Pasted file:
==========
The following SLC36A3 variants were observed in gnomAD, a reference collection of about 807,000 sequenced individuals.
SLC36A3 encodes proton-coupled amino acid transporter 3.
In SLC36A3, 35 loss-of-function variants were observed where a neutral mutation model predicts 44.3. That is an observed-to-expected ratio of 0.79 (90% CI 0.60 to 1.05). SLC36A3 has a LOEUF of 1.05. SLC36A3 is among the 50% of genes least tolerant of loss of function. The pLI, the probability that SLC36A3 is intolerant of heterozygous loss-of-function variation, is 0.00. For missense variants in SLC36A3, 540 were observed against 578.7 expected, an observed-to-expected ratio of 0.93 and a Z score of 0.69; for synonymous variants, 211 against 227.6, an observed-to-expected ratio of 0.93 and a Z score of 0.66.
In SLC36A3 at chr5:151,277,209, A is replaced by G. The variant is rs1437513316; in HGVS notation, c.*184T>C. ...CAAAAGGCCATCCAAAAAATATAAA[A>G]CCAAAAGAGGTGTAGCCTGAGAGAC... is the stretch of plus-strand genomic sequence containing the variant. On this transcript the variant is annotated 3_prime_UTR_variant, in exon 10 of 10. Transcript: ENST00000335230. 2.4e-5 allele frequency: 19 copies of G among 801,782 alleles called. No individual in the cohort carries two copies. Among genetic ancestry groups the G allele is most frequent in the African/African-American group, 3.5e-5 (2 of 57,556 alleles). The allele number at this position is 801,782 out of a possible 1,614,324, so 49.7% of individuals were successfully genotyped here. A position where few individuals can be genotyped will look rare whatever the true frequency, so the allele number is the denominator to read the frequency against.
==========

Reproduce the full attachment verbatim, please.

The following SLC36A3 variants were observed in gnomAD, a reference collection of about 807,000 sequenced individuals.
SLC36A3 encodes proton-coupled amino acid transporter 3.
In SLC36A3, 35 loss-of-function variants were observed where a neutral mutation model predicts 44.3. That is an observed-to-expected ratio of 0.79 (90% CI 0.60 to 1.05). SLC36A3 has a LOEUF of 1.05. SLC36A3 is among the 50% of genes least tolerant of loss of function. The pLI, the probability that SLC36A3 is intolerant of heterozygous loss-of-function variation, is 0.00. For missense variants in SLC36A3, 540 were observed against 578.7 expected, an observed-to-expected ratio of 0.93 and a Z score of 0.69; for synonymous variants, 211 against 227.6, an observed-to-expected ratio of 0.93 and a Z score of 0.66.
In SLC36A3 at chr5:151,277,209, A is replaced by G. The variant is rs1437513316; in HGVS notation, c.*184T>C. ...CAAAAGGCCATCCAAAAAATATAAA[A>G]CCAAAAGAGGTGTAGCCTGAGAGAC... is the stretch of plus-strand genomic sequence containing the variant. On this transcript the variant is annotated 3_prime_UTR_variant, in exon 10 of 10. Transcript: ENST00000335230. 2.4e-5 allele frequency: 19 copies of G among 801,782 alleles called. No individual in the cohort carries two copies. Among genetic ancestry groups the G allele is most frequent in the African/African-American group, 3.5e-5 (2 of 57,556 alleles). The allele number at this position is 801,782 out of a possible 1,614,324, so 49.7% of individuals were successfully genotyped here. A position where few individuals can be genotyped will look rare whatever the true frequency, so the allele number is the denominator to read the frequency against.